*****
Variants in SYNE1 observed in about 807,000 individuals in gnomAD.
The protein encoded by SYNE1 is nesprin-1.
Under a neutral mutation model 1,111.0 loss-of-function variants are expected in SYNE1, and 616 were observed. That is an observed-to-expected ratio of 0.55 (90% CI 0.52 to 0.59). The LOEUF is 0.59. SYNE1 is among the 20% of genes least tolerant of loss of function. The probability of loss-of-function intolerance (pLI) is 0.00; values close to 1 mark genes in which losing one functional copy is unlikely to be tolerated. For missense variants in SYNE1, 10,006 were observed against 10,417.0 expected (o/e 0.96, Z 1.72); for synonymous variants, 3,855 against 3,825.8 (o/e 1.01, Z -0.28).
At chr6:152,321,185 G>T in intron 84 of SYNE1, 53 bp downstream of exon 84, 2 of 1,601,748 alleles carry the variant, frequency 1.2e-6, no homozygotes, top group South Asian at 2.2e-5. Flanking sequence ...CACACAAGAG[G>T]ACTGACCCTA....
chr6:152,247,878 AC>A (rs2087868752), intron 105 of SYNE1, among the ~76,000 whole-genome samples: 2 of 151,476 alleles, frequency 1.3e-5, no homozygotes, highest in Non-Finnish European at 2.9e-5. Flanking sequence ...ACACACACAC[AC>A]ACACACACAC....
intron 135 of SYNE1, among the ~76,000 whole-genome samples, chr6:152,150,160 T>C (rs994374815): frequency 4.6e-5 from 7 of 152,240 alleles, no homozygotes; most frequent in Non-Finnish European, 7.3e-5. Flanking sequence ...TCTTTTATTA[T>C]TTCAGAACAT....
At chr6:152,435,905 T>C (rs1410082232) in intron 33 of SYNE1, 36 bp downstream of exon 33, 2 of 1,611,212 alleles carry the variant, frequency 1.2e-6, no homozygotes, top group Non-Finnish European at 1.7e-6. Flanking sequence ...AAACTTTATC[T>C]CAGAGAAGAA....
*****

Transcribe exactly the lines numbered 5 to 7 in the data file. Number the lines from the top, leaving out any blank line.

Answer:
chr6:152,247,878 AC>A (rs2087868752), intron 105 of SYNE1, among the ~76,000 whole-genome samples: 2 of 151,476 alleles, frequency 1.3e-5, no homozygotes, highest in Non-Finnish European at 2.9e-5. Flanking sequence ...ACACACACAC[AC>A]ACACACACAC....
intron 135 of SYNE1, among the ~76,000 whole-genome samples, chr6:152,150,160 T>C (rs994374815): frequency 4.6e-5 from 7 of 152,240 alleles, no homozygotes; most frequent in Non-Finnish European, 7.3e-5. Flanking sequence ...TCTTTTATTA[T>C]TTCAGAACAT....
At chr6:152,435,905 T>C (rs1410082232) in intron 33 of SYNE1, 36 bp downstream of exon 33, 2 of 1,611,212 alleles carry the variant, frequency 1.2e-6, no homozygotes, top group Non-Finnish European at 1.7e-6. Flanking sequence ...AAACTTTATC[T>C]CAGAGAAGAA....